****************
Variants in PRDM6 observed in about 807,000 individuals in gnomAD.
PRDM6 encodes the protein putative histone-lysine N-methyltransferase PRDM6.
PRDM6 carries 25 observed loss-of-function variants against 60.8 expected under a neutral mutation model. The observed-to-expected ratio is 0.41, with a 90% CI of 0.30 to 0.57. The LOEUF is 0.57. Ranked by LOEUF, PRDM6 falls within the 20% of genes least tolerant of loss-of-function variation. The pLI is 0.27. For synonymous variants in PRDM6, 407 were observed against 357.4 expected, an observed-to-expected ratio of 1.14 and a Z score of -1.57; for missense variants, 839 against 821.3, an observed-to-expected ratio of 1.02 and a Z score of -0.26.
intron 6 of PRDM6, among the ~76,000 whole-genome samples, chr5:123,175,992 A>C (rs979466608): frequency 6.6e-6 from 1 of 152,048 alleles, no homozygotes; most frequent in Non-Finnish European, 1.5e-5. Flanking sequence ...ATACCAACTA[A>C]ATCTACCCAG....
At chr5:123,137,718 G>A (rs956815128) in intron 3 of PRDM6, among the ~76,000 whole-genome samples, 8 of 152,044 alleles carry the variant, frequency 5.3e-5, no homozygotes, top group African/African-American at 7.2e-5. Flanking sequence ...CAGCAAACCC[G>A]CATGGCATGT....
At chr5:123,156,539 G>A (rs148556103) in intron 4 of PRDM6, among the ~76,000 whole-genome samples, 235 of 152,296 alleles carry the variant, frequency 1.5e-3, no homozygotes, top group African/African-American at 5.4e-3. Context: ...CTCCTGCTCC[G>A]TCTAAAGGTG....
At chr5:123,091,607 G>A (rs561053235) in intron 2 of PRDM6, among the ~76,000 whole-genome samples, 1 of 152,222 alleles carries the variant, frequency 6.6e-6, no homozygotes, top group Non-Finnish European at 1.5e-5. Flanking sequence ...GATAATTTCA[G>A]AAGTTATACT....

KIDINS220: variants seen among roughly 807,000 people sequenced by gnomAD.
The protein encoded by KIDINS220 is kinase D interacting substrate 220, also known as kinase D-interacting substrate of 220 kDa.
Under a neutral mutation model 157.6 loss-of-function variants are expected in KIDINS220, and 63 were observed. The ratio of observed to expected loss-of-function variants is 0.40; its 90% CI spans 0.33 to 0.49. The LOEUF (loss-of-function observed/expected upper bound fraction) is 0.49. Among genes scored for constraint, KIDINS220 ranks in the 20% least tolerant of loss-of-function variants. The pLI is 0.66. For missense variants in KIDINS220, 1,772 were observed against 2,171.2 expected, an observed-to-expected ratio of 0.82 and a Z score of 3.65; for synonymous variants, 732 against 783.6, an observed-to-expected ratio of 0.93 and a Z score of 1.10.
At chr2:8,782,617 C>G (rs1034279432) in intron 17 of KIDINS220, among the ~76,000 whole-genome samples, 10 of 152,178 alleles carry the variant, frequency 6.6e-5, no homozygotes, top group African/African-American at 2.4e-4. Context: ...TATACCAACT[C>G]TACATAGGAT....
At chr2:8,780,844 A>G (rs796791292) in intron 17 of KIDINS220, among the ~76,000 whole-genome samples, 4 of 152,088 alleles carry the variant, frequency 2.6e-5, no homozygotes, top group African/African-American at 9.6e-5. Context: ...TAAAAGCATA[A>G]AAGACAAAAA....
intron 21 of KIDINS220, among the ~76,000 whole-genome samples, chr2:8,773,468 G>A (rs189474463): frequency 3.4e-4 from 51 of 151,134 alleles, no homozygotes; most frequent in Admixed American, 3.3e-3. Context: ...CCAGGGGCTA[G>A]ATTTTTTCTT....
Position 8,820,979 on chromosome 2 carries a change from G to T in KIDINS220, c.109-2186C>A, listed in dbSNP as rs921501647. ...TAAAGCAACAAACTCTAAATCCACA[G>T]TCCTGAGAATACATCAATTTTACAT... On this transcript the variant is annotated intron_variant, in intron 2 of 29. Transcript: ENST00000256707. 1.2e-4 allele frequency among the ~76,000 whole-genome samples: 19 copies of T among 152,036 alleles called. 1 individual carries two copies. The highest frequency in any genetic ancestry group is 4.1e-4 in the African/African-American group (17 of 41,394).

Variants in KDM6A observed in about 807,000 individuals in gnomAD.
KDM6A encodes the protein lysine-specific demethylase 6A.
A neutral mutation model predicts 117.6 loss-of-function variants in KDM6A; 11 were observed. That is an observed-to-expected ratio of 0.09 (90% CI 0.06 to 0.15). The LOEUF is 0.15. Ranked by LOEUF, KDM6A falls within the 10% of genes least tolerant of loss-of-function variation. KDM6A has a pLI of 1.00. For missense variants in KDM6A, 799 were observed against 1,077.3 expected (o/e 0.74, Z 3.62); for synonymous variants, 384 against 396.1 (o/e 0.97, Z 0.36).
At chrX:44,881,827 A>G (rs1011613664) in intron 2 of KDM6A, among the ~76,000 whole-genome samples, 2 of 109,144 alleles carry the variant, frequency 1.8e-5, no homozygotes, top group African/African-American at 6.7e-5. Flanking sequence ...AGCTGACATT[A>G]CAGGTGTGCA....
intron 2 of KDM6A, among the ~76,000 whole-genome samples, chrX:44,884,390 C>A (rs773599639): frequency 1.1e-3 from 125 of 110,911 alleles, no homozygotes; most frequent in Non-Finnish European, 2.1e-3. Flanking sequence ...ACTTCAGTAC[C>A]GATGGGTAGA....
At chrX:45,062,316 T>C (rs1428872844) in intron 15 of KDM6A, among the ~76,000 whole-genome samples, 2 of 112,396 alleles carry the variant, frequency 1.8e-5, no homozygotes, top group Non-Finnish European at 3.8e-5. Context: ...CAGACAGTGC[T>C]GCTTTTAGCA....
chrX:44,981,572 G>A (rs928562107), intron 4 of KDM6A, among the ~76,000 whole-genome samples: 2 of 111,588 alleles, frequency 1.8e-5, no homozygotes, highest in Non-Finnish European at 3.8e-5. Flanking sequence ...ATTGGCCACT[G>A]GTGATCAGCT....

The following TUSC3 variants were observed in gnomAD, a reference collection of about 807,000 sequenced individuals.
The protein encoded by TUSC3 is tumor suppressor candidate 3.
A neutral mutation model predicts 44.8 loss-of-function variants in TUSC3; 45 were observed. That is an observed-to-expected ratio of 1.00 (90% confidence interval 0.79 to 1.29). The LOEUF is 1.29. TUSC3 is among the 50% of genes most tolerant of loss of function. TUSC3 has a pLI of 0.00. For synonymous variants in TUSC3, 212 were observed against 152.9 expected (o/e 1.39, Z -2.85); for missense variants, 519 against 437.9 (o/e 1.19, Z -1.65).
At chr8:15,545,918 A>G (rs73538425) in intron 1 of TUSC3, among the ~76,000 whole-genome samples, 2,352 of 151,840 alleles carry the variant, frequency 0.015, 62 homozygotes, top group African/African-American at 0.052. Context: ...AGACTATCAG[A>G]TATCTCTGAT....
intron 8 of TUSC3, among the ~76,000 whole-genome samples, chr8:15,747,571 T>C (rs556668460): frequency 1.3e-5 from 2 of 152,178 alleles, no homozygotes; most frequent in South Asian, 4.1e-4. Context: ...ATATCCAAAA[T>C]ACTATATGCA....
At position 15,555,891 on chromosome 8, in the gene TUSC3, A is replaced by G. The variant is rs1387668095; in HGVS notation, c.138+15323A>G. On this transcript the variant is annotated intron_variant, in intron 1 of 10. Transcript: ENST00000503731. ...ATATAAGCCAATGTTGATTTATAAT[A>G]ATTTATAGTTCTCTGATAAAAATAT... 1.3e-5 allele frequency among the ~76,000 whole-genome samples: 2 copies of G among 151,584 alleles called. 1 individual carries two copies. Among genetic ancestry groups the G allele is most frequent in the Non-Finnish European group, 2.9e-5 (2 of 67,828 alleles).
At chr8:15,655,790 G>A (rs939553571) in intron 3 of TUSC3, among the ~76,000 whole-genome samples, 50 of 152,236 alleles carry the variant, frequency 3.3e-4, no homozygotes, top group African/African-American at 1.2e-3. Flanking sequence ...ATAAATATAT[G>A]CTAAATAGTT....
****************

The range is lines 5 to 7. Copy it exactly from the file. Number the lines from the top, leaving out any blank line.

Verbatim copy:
At chr5:123,137,718 G>A (rs956815128) in intron 3 of PRDM6, among the ~76,000 whole-genome samples, 8 of 152,044 alleles carry the variant, frequency 5.3e-5, no homozygotes, top group African/African-American at 7.2e-5. Flanking sequence ...CAGCAAACCC[G>A]CATGGCATGT....
At chr5:123,156,539 G>A (rs148556103) in intron 4 of PRDM6, among the ~76,000 whole-genome samples, 235 of 152,296 alleles carry the variant, frequency 1.5e-3, no homozygotes, top group African/African-American at 5.4e-3. Context: ...CTCCTGCTCC[G>A]TCTAAAGGTG....
At chr5:123,091,607 G>A (rs561053235) in intron 2 of PRDM6, among the ~76,000 whole-genome samples, 1 of 152,222 alleles carries the variant, frequency 6.6e-6, no homozygotes, top group Non-Finnish European at 1.5e-5. Flanking sequence ...GATAATTTCA[G>A]AAGTTATACT....